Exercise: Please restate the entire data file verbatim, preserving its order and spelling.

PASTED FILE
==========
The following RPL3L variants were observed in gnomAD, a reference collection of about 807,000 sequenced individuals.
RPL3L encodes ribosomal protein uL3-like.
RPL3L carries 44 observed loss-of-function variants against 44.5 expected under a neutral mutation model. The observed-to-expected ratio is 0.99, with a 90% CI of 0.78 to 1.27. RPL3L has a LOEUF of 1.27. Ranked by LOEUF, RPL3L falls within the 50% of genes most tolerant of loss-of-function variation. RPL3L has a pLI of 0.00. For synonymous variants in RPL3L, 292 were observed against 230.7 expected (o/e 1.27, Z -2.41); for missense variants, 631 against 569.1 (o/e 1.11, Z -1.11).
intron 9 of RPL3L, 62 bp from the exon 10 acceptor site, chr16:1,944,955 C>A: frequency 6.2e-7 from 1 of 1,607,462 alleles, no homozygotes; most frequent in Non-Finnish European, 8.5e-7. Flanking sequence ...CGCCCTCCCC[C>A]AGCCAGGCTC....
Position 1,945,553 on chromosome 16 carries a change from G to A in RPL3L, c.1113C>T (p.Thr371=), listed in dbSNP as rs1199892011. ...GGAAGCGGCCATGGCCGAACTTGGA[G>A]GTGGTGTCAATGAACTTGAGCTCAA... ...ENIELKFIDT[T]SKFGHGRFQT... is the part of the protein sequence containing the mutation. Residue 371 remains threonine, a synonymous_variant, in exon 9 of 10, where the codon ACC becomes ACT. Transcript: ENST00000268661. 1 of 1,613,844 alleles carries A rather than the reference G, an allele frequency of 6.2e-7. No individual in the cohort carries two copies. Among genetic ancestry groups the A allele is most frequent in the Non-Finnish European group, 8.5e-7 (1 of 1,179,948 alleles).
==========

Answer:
The following RPL3L variants were observed in gnomAD, a reference collection of about 807,000 sequenced individuals.
RPL3L encodes ribosomal protein uL3-like.
RPL3L carries 44 observed loss-of-function variants against 44.5 expected under a neutral mutation model. The observed-to-expected ratio is 0.99, with a 90% CI of 0.78 to 1.27. RPL3L has a LOEUF of 1.27. Ranked by LOEUF, RPL3L falls within the 50% of genes most tolerant of loss-of-function variation. RPL3L has a pLI of 0.00. For synonymous variants in RPL3L, 292 were observed against 230.7 expected (o/e 1.27, Z -2.41); for missense variants, 631 against 569.1 (o/e 1.11, Z -1.11).
intron 9 of RPL3L, 62 bp from the exon 10 acceptor site, chr16:1,944,955 C>A: frequency 6.2e-7 from 1 of 1,607,462 alleles, no homozygotes; most frequent in Non-Finnish European, 8.5e-7. Flanking sequence ...CGCCCTCCCC[C>A]AGCCAGGCTC....
Position 1,945,553 on chromosome 16 carries a change from G to A in RPL3L, c.1113C>T (p.Thr371=), listed in dbSNP as rs1199892011. ...GGAAGCGGCCATGGCCGAACTTGGA[G>A]GTGGTGTCAATGAACTTGAGCTCAA... ...ENIELKFIDT[T]SKFGHGRFQT... is the part of the protein sequence containing the mutation. Residue 371 remains threonine, a synonymous_variant, in exon 9 of 10, where the codon ACC becomes ACT. Transcript: ENST00000268661. 1 of 1,613,844 alleles carries A rather than the reference G, an allele frequency of 6.2e-7. No individual in the cohort carries two copies. Among genetic ancestry groups the A allele is most frequent in the Non-Finnish European group, 8.5e-7 (1 of 1,179,948 alleles).